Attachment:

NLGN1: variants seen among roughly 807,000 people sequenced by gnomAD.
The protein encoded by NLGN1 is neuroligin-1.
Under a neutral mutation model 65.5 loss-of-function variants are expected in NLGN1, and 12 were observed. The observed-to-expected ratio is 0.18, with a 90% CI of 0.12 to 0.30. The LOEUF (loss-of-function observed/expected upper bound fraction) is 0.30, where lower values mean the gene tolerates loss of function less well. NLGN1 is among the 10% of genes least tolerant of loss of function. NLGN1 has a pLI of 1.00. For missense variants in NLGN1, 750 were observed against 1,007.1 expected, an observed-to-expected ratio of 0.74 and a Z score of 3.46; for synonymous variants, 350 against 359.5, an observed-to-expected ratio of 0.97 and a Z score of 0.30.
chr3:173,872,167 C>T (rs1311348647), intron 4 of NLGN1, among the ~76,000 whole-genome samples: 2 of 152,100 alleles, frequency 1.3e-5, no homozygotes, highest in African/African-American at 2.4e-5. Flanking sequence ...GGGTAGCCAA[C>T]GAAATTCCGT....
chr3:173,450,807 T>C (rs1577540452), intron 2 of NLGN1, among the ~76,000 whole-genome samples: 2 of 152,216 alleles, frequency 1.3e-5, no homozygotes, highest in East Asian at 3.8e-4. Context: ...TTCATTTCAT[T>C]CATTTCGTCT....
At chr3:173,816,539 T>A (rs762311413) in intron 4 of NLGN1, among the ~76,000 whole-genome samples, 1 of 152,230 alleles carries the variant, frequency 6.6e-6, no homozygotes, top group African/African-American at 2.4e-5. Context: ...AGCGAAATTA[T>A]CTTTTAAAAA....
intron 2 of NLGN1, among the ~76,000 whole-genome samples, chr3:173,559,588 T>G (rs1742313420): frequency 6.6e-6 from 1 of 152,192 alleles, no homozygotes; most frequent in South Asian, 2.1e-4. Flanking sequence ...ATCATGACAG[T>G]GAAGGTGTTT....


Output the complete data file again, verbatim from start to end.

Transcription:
NLGN1: variants seen among roughly 807,000 people sequenced by gnomAD.
The protein encoded by NLGN1 is neuroligin-1.
Under a neutral mutation model 65.5 loss-of-function variants are expected in NLGN1, and 12 were observed. The observed-to-expected ratio is 0.18, with a 90% CI of 0.12 to 0.30. The LOEUF (loss-of-function observed/expected upper bound fraction) is 0.30, where lower values mean the gene tolerates loss of function less well. NLGN1 is among the 10% of genes least tolerant of loss of function. NLGN1 has a pLI of 1.00. For missense variants in NLGN1, 750 were observed against 1,007.1 expected, an observed-to-expected ratio of 0.74 and a Z score of 3.46; for synonymous variants, 350 against 359.5, an observed-to-expected ratio of 0.97 and a Z score of 0.30.
chr3:173,872,167 C>T (rs1311348647), intron 4 of NLGN1, among the ~76,000 whole-genome samples: 2 of 152,100 alleles, frequency 1.3e-5, no homozygotes, highest in African/African-American at 2.4e-5. Flanking sequence ...GGGTAGCCAA[C>T]GAAATTCCGT....
chr3:173,450,807 T>C (rs1577540452), intron 2 of NLGN1, among the ~76,000 whole-genome samples: 2 of 152,216 alleles, frequency 1.3e-5, no homozygotes, highest in East Asian at 3.8e-4. Context: ...TTCATTTCAT[T>C]CATTTCGTCT....
At chr3:173,816,539 T>A (rs762311413) in intron 4 of NLGN1, among the ~76,000 whole-genome samples, 1 of 152,230 alleles carries the variant, frequency 6.6e-6, no homozygotes, top group African/African-American at 2.4e-5. Context: ...AGCGAAATTA[T>A]CTTTTAAAAA....
intron 2 of NLGN1, among the ~76,000 whole-genome samples, chr3:173,559,588 T>G (rs1742313420): frequency 6.6e-6 from 1 of 152,192 alleles, no homozygotes; most frequent in South Asian, 2.1e-4. Flanking sequence ...ATCATGACAG[T>G]GAAGGTGTTT....